Monday, March 16, 2015

Innovation Law Beyond IP 2: Introducing the Blog Symposium

Guest Blogger

Gabriel J. Michael

For the Innovation Law Beyond IP 2 conference, March 28-29 at Yale Law School

On the weekend of March 28-29, the Yale Law School Information Society Project is hosting its second conference on Innovation Law Beyond IP. To expand the discussion beyond our one weekend in New Haven, panelists and commentators will be guest blogging here at Balkinization over the coming weeks with some initial thoughts on the conference papers, and more broadly on how we should define our field as scholars of innovation.

This year's conference focuses on the role of the state, and the state's relationship to innovation. While the state is of course central to intellectual property rights, it also acts to promote and hinder innovation in myriad other ways: e.g., tax incentives, grants, prizes, regulation of innovation and its sustaining institutions, education and immigration policy, tort law, and more. In our call for papers, we asked panelists to take up these issues, and we're pleased with the response we received.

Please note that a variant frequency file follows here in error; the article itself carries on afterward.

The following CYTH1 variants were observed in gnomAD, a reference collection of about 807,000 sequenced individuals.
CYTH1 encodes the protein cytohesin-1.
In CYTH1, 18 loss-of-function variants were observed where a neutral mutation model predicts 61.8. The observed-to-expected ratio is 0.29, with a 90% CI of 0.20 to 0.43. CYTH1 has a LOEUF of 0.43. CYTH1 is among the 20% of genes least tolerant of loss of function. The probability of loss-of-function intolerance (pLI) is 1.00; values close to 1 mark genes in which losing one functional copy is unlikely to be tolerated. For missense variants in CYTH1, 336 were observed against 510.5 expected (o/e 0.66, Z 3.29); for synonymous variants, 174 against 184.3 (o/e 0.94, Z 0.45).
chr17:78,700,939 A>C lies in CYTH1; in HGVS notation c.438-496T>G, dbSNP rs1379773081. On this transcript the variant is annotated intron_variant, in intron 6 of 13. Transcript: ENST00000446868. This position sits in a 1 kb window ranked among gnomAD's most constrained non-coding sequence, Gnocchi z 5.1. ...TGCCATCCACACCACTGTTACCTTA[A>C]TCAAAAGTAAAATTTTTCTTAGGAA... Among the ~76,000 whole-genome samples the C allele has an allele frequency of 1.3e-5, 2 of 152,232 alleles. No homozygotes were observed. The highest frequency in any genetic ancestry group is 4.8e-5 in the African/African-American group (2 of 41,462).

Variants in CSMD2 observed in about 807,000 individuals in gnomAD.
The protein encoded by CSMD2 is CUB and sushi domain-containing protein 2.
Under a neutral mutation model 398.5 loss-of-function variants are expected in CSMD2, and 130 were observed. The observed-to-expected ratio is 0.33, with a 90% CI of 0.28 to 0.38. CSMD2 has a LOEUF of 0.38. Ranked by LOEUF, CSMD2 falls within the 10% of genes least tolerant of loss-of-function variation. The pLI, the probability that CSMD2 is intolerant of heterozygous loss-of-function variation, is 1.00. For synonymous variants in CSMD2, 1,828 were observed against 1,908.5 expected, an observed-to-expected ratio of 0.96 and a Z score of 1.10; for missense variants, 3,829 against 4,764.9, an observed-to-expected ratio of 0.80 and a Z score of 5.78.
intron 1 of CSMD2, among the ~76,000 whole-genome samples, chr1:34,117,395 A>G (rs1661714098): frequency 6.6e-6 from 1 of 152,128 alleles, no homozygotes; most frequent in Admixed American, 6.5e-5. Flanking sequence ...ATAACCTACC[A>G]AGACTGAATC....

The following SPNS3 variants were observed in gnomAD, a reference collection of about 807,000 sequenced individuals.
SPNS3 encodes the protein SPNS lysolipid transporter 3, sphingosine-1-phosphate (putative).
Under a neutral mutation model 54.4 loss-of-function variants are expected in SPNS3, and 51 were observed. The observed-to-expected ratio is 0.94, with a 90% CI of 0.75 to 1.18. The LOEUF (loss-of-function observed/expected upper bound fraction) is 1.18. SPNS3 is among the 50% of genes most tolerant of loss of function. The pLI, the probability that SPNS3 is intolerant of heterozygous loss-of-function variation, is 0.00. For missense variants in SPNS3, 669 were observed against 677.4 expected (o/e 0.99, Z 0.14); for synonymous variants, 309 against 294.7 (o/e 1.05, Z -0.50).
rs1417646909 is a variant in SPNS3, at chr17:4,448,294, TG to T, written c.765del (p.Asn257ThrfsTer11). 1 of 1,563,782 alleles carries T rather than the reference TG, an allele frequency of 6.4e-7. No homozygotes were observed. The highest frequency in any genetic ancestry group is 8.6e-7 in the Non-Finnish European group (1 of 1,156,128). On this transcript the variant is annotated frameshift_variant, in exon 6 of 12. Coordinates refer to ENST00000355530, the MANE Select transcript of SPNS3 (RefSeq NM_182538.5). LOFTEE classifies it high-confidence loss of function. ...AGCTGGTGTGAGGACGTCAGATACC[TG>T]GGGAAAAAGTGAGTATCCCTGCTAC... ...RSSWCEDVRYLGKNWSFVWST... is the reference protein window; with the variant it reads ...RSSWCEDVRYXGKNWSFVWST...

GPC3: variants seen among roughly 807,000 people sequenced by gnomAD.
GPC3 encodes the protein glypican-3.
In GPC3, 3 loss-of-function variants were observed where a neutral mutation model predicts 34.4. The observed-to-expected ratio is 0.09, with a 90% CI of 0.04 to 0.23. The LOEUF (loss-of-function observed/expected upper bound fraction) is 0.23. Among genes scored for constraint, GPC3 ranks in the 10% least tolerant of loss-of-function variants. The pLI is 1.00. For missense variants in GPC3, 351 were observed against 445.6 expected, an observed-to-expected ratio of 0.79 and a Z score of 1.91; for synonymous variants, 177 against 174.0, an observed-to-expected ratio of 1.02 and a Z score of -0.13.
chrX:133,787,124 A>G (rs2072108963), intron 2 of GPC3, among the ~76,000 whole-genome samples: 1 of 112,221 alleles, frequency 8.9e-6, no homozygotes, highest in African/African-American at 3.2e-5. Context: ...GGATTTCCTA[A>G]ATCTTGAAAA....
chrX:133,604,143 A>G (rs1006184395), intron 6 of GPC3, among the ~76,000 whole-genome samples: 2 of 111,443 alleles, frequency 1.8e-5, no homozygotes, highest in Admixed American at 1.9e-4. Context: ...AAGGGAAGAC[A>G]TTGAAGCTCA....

Together, our participants will be discussing innovation outside the traditional framework of intellectual property. For example, Amy Kapczynski argues that open science presents a workable alternative to conventional intellectual property law in facilitating information production, and presents a case study of the flu network as an example

Several panelists consider empirical examples of innovation and production in the absence of intellectual property: Kevin Collins examines architectural innovation before the Architectural Works Copyright Protection Act, and Lea Shaver will be presenting early research on commons-based social publishing.

Others point out important lacunae in current innovation institutions. Michal Shur-Ofry notes that much innovation is driven by failure and error, but that extant regimes often discourage disclosure of such information. Sofia Ranchordás argues that regulators ought to be willing to adopt experimental approaches when dealing with innovative products and services.

We'll be hearing from the entire crop of panelists and commentators over the next several days, and we encourage you to link to these posts, share them, and continue the discussion. Registration for the conference is open and free, so there's still time to join us in person if you're able.

This conference is made possible by generous support from Thomson Reuters and the Oscar M. Ruebhausen Fund.

Gabriel J. Michael is a resident fellow at the Yale Law School Information Society Project. He can be reached at gabriel.michael at


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